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The error threshold and the origin of the hypercycle work


Proposing that Darwin's principle works at the molecular level
Manfred Eigen Scientist
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The Nobel Prize came in '67...

[Q] Yes.

And I remember there was before that there was a Nobel symposium in Stockholm, where I went to... and the most examples I talked about there were biological reactions, where allosteric reactions, where DNA... we measured also how quickly can the information be read off from a DNA molecule. And this is again a very rapid process. The AU pair has a lifetime of 10-7 seconds...

[Q] 'A' is...

'A' is the adenine-uracil, yes. You know the four letters of the alphabet of nucleic acid is AUG and C, or ATG and C, that is DNA.  And the GC pair has three hydrogen bonds so it's a little bit more stable than the AU or AT pair ‒ but the one has a lifetime of 10-7 seconds so a tenth of a millionth of a second, and the other has 10-6 seconds, that's a millionth of a second.

[Q] Yes, but these were the experiments, these were the outcome, the interpretation, of the experiments. But what I'm now aiming is the profound, basic theory and thinking of...

Well, but I remember well that I said, 'Yes, they say Darwin. Could it be possible that Darwin's principle works already at the level of molecules?' And so I sit down to find out what does it mean. What does selection mean? Who selects? Well, it came out it has to be a self-organising property. There's nobody to select. There's nobody who knows what is fittest. So I found out what you need is reproduction. Well, nucleic acids do reproduce. They even do it without enzymes. Not as precisely as it is required for the life processes, but... so I worked out a theory... a kinetic theory of reproduction of nucleic acids. And I found that the outcome was Darwinian behaviour. And I found out that all organisms to which Darwin's principle applies have the same properties. Via the reproduction of nucleic acids, DNA, RNA, the whole cell can reproduce or the whole organism can reproduce, it's based on it.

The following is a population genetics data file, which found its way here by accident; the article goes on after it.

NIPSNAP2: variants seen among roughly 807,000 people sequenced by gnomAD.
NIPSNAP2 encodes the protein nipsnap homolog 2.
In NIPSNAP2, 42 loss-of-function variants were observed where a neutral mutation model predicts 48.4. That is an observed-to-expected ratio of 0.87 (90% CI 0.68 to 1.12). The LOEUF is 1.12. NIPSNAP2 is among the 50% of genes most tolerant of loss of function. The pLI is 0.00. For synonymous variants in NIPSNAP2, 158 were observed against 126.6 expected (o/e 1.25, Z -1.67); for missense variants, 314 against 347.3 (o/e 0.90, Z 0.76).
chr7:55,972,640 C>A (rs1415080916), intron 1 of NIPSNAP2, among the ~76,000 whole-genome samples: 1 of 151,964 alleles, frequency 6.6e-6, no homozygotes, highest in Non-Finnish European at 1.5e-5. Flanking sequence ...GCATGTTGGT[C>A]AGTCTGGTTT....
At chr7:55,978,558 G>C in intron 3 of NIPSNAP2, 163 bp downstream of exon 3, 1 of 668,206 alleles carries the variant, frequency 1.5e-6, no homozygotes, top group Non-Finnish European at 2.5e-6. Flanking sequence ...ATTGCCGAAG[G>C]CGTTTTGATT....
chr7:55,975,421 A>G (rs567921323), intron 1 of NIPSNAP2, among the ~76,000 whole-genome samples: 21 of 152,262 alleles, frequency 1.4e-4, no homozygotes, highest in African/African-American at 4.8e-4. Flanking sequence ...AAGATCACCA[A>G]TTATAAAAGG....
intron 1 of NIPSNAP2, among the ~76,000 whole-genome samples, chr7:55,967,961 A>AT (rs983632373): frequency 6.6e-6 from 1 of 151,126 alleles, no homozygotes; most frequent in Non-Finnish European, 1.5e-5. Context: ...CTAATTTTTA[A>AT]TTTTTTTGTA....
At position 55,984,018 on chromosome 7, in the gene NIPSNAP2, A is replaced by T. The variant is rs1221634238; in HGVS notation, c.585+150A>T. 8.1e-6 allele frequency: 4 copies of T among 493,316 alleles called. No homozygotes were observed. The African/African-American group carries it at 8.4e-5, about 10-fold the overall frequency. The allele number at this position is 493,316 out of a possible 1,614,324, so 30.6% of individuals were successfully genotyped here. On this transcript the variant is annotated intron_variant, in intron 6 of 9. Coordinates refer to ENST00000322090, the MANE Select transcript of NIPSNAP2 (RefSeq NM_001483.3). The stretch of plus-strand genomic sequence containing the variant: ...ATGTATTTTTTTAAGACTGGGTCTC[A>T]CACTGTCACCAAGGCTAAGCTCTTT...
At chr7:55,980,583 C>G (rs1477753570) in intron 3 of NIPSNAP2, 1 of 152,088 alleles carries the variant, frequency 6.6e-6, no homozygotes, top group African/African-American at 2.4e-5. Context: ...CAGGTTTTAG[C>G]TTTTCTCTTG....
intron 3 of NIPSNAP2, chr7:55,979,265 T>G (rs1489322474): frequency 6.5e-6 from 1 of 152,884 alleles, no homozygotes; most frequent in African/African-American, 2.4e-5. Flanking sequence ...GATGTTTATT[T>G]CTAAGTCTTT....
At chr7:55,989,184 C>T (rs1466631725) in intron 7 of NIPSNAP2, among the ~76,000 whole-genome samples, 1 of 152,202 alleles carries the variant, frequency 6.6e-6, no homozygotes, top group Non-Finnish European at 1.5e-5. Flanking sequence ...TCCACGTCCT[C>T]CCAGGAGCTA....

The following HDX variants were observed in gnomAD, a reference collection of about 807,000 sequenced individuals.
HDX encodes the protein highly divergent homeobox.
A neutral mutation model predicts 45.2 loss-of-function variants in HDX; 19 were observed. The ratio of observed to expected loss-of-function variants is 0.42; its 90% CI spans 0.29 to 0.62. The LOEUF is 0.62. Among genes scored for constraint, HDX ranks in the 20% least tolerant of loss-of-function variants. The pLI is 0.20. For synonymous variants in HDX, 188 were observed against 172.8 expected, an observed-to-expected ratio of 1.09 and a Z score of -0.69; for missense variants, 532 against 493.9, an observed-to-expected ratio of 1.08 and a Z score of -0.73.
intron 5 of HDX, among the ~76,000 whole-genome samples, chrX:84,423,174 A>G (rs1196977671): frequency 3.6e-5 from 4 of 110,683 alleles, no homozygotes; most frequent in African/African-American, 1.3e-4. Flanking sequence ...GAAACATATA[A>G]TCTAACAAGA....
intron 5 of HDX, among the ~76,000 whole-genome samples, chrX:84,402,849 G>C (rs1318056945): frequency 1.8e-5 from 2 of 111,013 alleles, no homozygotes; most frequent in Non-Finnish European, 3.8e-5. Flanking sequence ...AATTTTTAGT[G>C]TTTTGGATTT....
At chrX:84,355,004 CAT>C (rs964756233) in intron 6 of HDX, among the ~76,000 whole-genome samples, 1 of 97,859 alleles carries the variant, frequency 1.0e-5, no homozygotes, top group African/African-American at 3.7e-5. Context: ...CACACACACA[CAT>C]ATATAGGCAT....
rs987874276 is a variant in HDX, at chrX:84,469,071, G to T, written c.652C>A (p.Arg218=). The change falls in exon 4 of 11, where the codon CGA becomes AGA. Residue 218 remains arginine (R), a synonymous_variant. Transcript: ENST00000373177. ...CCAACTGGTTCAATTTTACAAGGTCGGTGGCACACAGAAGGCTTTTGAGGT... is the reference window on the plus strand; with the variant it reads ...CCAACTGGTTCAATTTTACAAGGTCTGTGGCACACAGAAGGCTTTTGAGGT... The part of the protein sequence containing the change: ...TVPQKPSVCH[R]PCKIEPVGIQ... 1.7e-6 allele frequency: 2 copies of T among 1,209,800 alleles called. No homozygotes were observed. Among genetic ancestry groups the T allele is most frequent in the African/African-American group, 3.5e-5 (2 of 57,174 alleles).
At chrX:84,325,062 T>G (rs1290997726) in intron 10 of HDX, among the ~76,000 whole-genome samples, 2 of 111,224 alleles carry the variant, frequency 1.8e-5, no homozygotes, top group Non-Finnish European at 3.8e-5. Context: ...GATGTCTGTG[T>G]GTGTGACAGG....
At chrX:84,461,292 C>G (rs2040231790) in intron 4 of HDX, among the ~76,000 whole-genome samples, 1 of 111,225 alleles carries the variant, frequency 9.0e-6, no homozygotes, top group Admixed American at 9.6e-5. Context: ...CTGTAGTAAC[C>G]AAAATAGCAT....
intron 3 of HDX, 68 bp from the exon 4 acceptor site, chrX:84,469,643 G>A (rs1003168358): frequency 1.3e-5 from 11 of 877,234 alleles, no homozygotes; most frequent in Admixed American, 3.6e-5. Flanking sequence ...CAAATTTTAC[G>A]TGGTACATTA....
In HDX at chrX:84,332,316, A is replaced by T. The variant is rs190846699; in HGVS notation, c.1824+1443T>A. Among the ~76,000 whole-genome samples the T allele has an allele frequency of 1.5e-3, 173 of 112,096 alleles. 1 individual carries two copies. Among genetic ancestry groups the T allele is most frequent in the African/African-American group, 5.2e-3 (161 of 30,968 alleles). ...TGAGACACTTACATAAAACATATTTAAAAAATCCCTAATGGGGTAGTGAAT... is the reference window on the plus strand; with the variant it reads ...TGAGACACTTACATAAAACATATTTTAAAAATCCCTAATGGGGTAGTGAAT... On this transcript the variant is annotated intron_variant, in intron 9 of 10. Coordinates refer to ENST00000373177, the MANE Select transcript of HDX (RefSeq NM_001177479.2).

Now, working out such a theory is a little bit different from what population geneticists have done so far, because for them the reproduction of an individual, well, they don't know what mutations would appear during the process and so on. Here, working with single molecules, we can pinpoint everything. We could say, 'Yes, if there is a mutation, it means that the wrong base comes in and what processes are there'. So we took care of it. The result was not simply a new Darwinian theory, it was a much more precise theory. And we found an error threshold, and that the best reproduction is near the error threshold because if it is still below the error threshold, which is somehow a threshold at which the information evaporates, it's a two-faced transition, and below that you can keep the information, you can transfer it from generation to generation. So you have to be below the error threshold but not too far below because if you are too far below you don't make mutations any more. Mutations are errors in the base-pairing mechanism.  So you had fastest evolution, fastest changes, without losing information right at the error threshold, and we later found out that all viruses work this way.

Nobel Prize winning German biophysical chemist, Manfred Eigen (1927-2019), was best known for his work on fast chemical reactions and his development of ways to accurately measure these reactions down to the nearest billionth of a second. He published over 100 papers with topics ranging from hydrogen bridges of nucleic acids to the storage of information in the central nervous system.

Listeners: Ruthild Winkler-Oswatitch

Ruthild Winkler-Oswatitsch is the eldest daughter of the Austrian physicist Klaus Osatitsch, an internationally renowned expert in gas dynamics, and his wife Hedwig Oswatitsch-Klabinus. She was born in the German university town of Göttingen where her father worked at the Kaiser Wilhelm Institute of Aerodynamics under Ludwig Prandtl. After World War II she was educated in Stockholm, Sweden, where her father was then a research scientist and lecturer at the Royal Institute of Technology.

In 1961 Ruthild Winkler-Oswatitsch enrolled in Chemistry at the Technical University of Vienna where she received her PhD in 1969 with a dissertation on "Fast complex reactions of alkali ions with biological membrane carriers". The experimental work for her thesis was carried out at the Max Planck Institute for Physical Chemistry in Göttingen under Manfred Eigen.

From 1971 to the present Ruthild Winkler-Oswatitsch has been working as a research scientist at the Max Planck Institute in Göttingen in the Department of Chemical Kinetics which is headed by Manfred Eigen. Her interest was first focused on an application of relaxation techniques to the study of fast biological reactions. Thereafter, she engaged in theoretical studies on molecular evolution and developed game models for representing the underlying chemical proceses. Together with Manfred Eigen she wrote the widely noted book, "Laws of the Game" (Alfred A. Knopf Inc. 1981 and Princeton University Press, 1993). Her more recent studies were concerned with comparative sequence analysis of nucleic acids in order to find out the age of the genetic code and the time course of the early evolution of life. For the last decade she has been successfully establishing industrial applications in the field of evolutionary biotechnology.

Tags: Nobel Prize in Chemistry, allosteric reactions, nucleic acids, reproduction, Darwinian behaviour, DNA, RNA, base-pair, mutations, error threshold, Charles Robert Darwin

Duration: 4 minutes, 40 seconds

Date story recorded: July 1997

Date story went live: 24 January 2008